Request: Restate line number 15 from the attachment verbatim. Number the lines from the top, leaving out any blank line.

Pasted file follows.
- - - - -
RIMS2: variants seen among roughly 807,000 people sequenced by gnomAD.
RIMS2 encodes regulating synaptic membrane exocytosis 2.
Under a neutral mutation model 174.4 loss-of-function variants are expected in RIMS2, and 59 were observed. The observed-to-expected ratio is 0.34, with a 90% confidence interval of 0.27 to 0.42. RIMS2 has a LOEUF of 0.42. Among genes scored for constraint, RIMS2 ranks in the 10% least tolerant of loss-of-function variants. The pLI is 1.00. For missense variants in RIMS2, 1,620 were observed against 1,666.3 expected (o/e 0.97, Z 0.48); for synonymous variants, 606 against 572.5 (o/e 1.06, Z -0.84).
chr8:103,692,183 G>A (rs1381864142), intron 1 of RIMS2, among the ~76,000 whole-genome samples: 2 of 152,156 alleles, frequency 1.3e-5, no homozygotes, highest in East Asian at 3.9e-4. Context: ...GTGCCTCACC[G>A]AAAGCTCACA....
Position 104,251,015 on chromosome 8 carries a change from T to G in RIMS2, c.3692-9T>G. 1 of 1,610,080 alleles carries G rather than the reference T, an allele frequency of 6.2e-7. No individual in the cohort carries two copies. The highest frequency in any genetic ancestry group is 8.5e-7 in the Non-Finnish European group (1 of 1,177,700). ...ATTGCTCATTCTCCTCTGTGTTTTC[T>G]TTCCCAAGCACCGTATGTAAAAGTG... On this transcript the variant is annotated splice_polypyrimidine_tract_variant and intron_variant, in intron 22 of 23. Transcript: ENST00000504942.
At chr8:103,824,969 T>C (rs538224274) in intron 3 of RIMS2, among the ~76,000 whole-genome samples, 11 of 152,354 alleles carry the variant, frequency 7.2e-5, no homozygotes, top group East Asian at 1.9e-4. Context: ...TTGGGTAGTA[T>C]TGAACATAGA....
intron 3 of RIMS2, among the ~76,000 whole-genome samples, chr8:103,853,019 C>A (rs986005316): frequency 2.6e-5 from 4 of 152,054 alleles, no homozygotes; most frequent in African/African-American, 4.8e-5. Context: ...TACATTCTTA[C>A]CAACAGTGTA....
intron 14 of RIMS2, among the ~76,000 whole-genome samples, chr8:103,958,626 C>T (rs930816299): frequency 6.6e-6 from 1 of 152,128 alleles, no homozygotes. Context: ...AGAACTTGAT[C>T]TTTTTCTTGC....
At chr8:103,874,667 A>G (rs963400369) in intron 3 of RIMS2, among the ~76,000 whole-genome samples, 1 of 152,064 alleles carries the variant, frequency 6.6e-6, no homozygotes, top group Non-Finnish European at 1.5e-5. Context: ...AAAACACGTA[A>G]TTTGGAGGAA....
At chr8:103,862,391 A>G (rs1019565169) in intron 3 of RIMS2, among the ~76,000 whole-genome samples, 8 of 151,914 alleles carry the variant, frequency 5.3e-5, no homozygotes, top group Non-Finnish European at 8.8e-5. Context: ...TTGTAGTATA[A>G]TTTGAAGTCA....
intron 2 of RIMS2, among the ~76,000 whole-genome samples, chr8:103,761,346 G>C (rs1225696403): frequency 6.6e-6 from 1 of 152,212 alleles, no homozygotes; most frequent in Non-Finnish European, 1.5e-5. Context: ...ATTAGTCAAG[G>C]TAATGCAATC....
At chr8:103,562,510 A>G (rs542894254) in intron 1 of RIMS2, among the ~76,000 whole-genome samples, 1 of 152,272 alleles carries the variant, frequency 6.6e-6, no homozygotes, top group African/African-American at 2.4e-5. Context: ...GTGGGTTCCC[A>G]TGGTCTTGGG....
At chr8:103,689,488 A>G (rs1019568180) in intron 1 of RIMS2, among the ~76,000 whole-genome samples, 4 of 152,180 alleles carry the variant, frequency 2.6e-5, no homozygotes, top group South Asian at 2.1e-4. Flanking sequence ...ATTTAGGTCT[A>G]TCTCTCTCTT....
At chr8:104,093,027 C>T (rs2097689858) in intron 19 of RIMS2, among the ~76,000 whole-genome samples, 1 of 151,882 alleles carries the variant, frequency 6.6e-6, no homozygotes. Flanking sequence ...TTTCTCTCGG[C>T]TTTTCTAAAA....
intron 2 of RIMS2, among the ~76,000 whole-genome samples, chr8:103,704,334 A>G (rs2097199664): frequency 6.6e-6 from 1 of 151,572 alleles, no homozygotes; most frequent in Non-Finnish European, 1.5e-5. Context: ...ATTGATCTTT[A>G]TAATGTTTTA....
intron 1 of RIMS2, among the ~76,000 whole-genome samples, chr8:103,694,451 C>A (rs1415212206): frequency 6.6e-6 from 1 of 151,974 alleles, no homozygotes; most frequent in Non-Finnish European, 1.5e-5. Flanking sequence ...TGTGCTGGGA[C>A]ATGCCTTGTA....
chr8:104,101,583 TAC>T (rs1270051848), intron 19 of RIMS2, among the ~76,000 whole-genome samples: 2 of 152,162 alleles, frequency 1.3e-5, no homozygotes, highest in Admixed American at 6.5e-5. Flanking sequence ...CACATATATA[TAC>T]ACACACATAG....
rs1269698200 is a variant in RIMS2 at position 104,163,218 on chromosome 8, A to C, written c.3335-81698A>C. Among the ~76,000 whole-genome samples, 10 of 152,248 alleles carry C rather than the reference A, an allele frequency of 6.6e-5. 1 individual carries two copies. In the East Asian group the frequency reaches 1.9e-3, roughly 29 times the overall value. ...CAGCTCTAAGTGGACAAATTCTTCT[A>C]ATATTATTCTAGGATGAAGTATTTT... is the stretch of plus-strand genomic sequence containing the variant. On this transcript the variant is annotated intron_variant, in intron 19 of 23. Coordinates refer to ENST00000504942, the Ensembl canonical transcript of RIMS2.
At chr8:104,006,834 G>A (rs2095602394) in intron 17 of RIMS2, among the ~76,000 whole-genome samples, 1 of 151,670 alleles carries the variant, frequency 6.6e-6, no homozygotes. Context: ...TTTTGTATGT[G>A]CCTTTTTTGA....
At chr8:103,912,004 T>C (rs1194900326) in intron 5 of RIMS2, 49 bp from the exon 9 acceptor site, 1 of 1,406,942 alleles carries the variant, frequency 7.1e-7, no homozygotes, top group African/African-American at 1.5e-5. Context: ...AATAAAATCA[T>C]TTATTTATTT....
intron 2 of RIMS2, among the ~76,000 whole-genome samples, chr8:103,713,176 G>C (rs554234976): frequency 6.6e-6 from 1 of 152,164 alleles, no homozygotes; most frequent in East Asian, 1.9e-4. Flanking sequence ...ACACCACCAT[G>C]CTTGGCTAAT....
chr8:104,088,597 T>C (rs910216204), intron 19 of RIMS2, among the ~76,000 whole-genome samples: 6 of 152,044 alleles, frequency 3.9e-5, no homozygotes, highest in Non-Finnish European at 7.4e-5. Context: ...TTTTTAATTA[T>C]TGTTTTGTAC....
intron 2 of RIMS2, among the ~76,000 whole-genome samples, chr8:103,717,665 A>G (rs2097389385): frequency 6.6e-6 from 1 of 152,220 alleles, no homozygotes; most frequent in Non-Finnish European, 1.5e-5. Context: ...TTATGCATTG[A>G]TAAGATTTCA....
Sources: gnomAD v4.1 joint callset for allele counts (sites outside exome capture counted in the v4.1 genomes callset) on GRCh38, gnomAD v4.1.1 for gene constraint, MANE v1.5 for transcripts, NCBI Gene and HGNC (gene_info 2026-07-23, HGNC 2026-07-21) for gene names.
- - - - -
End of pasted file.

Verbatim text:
intron 2 of RIMS2, among the ~76,000 whole-genome samples, chr8:103,704,334 A>G (rs2097199664): frequency 6.6e-6 from 1 of 151,572 alleles, no homozygotes; most frequent in Non-Finnish European, 1.5e-5. Context: ...ATTGATCTTT[A>G]TAATGTTTTA....